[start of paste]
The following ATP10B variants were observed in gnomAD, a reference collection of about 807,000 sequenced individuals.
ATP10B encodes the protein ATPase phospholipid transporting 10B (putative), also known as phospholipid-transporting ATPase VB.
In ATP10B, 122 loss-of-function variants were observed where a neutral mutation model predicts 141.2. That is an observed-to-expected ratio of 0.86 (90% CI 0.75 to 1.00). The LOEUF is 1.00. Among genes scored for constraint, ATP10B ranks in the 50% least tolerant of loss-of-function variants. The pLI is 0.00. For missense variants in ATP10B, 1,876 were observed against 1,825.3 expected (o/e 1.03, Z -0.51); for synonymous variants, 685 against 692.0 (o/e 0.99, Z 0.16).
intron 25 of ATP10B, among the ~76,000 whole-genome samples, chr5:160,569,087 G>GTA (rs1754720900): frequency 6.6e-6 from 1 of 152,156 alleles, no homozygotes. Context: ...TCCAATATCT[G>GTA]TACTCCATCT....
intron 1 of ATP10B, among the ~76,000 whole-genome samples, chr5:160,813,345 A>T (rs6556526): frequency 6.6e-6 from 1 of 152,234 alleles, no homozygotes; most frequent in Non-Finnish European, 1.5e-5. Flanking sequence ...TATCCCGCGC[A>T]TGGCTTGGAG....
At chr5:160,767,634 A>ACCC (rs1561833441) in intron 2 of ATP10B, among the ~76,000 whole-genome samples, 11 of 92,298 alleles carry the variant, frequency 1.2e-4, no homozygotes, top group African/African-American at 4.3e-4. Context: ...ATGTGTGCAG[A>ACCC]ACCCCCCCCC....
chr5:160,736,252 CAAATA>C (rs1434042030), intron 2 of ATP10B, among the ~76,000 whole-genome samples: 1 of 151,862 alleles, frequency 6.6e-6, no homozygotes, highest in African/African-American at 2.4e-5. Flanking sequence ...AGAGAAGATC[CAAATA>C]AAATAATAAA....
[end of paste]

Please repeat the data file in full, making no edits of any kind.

The following ATP10B variants were observed in gnomAD, a reference collection of about 807,000 sequenced individuals.
ATP10B encodes the protein ATPase phospholipid transporting 10B (putative), also known as phospholipid-transporting ATPase VB.
In ATP10B, 122 loss-of-function variants were observed where a neutral mutation model predicts 141.2. That is an observed-to-expected ratio of 0.86 (90% CI 0.75 to 1.00). The LOEUF is 1.00. Among genes scored for constraint, ATP10B ranks in the 50% least tolerant of loss-of-function variants. The pLI is 0.00. For missense variants in ATP10B, 1,876 were observed against 1,825.3 expected (o/e 1.03, Z -0.51); for synonymous variants, 685 against 692.0 (o/e 0.99, Z 0.16).
intron 25 of ATP10B, among the ~76,000 whole-genome samples, chr5:160,569,087 G>GTA (rs1754720900): frequency 6.6e-6 from 1 of 152,156 alleles, no homozygotes. Context: ...TCCAATATCT[G>GTA]TACTCCATCT....
intron 1 of ATP10B, among the ~76,000 whole-genome samples, chr5:160,813,345 A>T (rs6556526): frequency 6.6e-6 from 1 of 152,234 alleles, no homozygotes; most frequent in Non-Finnish European, 1.5e-5. Flanking sequence ...TATCCCGCGC[A>T]TGGCTTGGAG....
At chr5:160,767,634 A>ACCC (rs1561833441) in intron 2 of ATP10B, among the ~76,000 whole-genome samples, 11 of 92,298 alleles carry the variant, frequency 1.2e-4, no homozygotes, top group African/African-American at 4.3e-4. Context: ...ATGTGTGCAG[A>ACCC]ACCCCCCCCC....
chr5:160,736,252 CAAATA>C (rs1434042030), intron 2 of ATP10B, among the ~76,000 whole-genome samples: 1 of 151,862 alleles, frequency 6.6e-6, no homozygotes, highest in African/African-American at 2.4e-5. Flanking sequence ...AGAGAAGATC[CAAATA>C]AAATAATAAA....